City Budget Public Hearing Draws Speakers on New Moms Program, Free Transportation | local government
Lacie Bolte’s 4-month-old daughter made her first appearance before Lincoln City Council on Monday as her mother recounted her difficult entry into the world – and how a universal home-visiting program for new moms proposed in the city’s budget mayor would have helped.
Bolte was among more than 30 speakers at a public hearing on the mayor’s proposed two-year budget that would add, among other things, eight public health nurses to expand the visitation program to support all new mothers in the city and their children.
The proposed budget – which represents a 7.4% increase in spending in the first year and 4% in the second year – has also drawn opponents to a proposal to start charging reduced bus fares after two years of free buses during the pandemic.
Those speakers — including members of the mayor-appointed StarTran Advisory Board who voted last week to reject the mayor’s proposal — argued that it was worth the $1.2 million annual cost to continue offering services. free bus tickets under a two-year pilot program.
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Other speakers welcomed additions to the budget that promote climate change, including more money for pruning and planting trees, and money to support the use of alternative fuels and electric vehicles. in the city fleet.
Several speakers urged council to reconsider a proposal by Councilman Bennie Shobe to add $300,000 each year for grants to residents who buy electric heat pumps for their homes.
Shobe’s suggestion was among several adjustments to the budget suggested by council members, as was a suggestion by councilor Richard Meginnis to cut funding to add nurses to expand the home visiting program for new moms.
Although fellow board members didn’t approve of any of these changes, board members still have time to reintroduce them before they vote on the budget on Aug. 22 — which is why the likes of Bolte weighed in on Monday. .
Bolte said she had a normal pregnancy, but her delivery turned into an emergency C-section with severe bleeding that delayed her ability to breastfeed her daughter. Once home, she suffered from postpartum depression and she and her husband faced a severe shortage of formula milk.
Bolte said she was educated as a social worker, that she and her husband were in good health, had good jobs, health insurance and a good support network – but the home visiting program with visits from a registered nurse would have helped.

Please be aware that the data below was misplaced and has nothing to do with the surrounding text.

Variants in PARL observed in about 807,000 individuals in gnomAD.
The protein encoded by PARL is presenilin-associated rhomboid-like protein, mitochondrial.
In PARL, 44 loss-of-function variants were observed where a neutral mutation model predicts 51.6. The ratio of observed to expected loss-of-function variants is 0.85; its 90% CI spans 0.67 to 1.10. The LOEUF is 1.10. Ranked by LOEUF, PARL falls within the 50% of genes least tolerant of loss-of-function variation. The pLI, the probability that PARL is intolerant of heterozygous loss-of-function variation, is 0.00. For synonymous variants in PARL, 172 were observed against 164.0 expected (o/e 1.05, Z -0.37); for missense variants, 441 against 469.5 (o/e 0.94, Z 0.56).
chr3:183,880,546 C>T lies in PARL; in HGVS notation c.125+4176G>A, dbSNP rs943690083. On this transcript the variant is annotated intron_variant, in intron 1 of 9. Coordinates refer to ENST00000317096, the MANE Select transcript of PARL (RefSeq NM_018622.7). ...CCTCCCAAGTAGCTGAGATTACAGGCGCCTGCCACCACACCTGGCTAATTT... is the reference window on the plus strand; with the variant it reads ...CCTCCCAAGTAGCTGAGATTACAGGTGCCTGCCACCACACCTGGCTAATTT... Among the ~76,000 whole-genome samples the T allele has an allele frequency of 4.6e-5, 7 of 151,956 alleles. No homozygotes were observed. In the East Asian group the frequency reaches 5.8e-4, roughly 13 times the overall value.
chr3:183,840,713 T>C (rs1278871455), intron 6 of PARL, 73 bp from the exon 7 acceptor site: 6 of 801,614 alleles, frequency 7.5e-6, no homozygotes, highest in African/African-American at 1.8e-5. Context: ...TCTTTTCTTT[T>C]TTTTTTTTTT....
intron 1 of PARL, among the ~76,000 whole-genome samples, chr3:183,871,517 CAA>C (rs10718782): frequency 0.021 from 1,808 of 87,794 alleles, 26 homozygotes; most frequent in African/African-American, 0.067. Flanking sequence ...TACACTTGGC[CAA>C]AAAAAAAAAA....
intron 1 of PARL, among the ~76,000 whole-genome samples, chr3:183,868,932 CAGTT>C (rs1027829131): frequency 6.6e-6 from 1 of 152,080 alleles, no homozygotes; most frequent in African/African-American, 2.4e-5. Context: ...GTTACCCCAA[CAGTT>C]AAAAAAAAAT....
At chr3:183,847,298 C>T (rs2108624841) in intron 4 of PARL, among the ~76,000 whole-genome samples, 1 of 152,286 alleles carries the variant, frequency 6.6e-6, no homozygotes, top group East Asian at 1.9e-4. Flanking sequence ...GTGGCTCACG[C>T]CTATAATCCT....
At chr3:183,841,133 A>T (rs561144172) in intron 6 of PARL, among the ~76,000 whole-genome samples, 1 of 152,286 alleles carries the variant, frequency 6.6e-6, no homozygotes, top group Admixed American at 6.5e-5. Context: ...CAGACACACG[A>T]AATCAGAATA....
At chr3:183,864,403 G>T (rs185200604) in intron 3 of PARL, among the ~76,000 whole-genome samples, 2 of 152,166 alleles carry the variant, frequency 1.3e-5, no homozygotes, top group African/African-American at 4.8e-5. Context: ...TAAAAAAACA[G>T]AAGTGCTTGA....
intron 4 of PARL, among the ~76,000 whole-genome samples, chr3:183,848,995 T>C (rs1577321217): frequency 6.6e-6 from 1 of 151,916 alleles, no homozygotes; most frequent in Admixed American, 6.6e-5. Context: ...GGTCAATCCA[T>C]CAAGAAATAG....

“I have access to so many more resources than most people in Lincoln, but I needed them,” she said.
She would not have been eligible for the existing program, which is available to low-income residents, she said.
“You would miss me,” she said.
Others, including pediatrician Stacie Bleicher, said such programs help prevent childhood trauma from abuse, neglect, domestic violence and parental substance abuse by providing support and education. parents from the start.
Questions from some board members indicated that they were concerned about the cost of maintaining such a program, which would be paid for with existing money in the first year, cost $153,633 the following year and $737,725 per year. year thereafter.
The mayor’s proposed $243.5 million tax-funded budget for 2022-23 – an increase of nearly $16.7 million, would be followed by a $9.8 million increase the year next.
It’s bolstered by a projected 18% increase in sales tax revenue in 2022-23 and a smaller 1.2% increase the following year — one of the city’s two main sources of funding. The other is property tax revenue. The mayor is proposing to cut the tax rate by half a cent, which will save taxpayers $1.2 million.
Several speakers urged the council to find money somewhere in the city’s coffers to continue free buses, pointing out that the city had offered $1.5 million to donate to Lincoln Airport to attract new air services. That money came from federal stimulus funds.
While it would cost money, it would increase ridership and provide a fairer transportation system, and advance the goals of the mayor’s climate plan by reducing the number of cars on the streets, the stakeholders said.
StarTran advisory board member Kathy Ashley said the city moved to improve the bus system and then cut services.
“I want citizens, community and council members to carefully consider and find a way to make StarTran’s growth viable,” she said. “This community needs this advice to invest in StarTran.”
Several speakers testified in favor of adding new positions, particularly those in the City Clerk’s Office, Building and Security.
Bud Synhorst, president and CEO of the Lincoln Independent Business Association, praised the budget’s investment in public safety (he adds police, fire, emergency dispatchers) and infrastructure, but questioned question adding what city officials said was a total of 67 new positions.
With supply chain issues facing businesses and soaring inflation, now may not be the right time for a 7% increase over the current budget, he said. .
“It’s a good time for the city to say where can we show a little restraint,” he said.
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